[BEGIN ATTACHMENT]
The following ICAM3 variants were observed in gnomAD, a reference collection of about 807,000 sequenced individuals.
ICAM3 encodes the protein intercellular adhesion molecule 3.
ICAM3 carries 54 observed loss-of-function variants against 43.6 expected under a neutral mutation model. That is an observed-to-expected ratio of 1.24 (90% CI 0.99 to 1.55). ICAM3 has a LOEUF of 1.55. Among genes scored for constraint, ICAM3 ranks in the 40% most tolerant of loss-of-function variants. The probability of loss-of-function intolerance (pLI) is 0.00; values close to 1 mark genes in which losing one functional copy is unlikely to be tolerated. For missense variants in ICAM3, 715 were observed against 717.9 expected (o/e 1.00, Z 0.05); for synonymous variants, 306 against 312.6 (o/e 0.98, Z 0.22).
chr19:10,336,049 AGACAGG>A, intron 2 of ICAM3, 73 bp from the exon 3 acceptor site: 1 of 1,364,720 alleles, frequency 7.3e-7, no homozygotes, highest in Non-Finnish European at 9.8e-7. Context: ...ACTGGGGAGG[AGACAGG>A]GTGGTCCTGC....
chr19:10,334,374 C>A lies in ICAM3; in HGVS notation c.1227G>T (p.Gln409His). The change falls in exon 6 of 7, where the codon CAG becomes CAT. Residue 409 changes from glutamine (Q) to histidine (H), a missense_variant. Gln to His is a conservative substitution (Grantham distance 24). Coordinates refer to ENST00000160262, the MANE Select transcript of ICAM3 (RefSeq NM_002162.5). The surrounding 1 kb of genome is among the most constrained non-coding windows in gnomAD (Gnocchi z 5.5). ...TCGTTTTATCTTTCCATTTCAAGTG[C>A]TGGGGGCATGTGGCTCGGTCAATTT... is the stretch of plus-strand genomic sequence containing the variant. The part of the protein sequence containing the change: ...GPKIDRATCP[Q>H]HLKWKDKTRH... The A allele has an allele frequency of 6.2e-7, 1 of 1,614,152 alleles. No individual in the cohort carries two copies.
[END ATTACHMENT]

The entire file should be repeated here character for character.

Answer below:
The following ICAM3 variants were observed in gnomAD, a reference collection of about 807,000 sequenced individuals.
ICAM3 encodes the protein intercellular adhesion molecule 3.
ICAM3 carries 54 observed loss-of-function variants against 43.6 expected under a neutral mutation model. That is an observed-to-expected ratio of 1.24 (90% CI 0.99 to 1.55). ICAM3 has a LOEUF of 1.55. Among genes scored for constraint, ICAM3 ranks in the 40% most tolerant of loss-of-function variants. The probability of loss-of-function intolerance (pLI) is 0.00; values close to 1 mark genes in which losing one functional copy is unlikely to be tolerated. For missense variants in ICAM3, 715 were observed against 717.9 expected (o/e 1.00, Z 0.05); for synonymous variants, 306 against 312.6 (o/e 0.98, Z 0.22).
chr19:10,336,049 AGACAGG>A, intron 2 of ICAM3, 73 bp from the exon 3 acceptor site: 1 of 1,364,720 alleles, frequency 7.3e-7, no homozygotes, highest in Non-Finnish European at 9.8e-7. Context: ...ACTGGGGAGG[AGACAGG>A]GTGGTCCTGC....
chr19:10,334,374 C>A lies in ICAM3; in HGVS notation c.1227G>T (p.Gln409His). The change falls in exon 6 of 7, where the codon CAG becomes CAT. Residue 409 changes from glutamine (Q) to histidine (H), a missense_variant. Gln to His is a conservative substitution (Grantham distance 24). Coordinates refer to ENST00000160262, the MANE Select transcript of ICAM3 (RefSeq NM_002162.5). The surrounding 1 kb of genome is among the most constrained non-coding windows in gnomAD (Gnocchi z 5.5). ...TCGTTTTATCTTTCCATTTCAAGTG[C>A]TGGGGGCATGTGGCTCGGTCAATTT... is the stretch of plus-strand genomic sequence containing the variant. The part of the protein sequence containing the change: ...GPKIDRATCP[Q>H]HLKWKDKTRH... The A allele has an allele frequency of 6.2e-7, 1 of 1,614,152 alleles. No individual in the cohort carries two copies.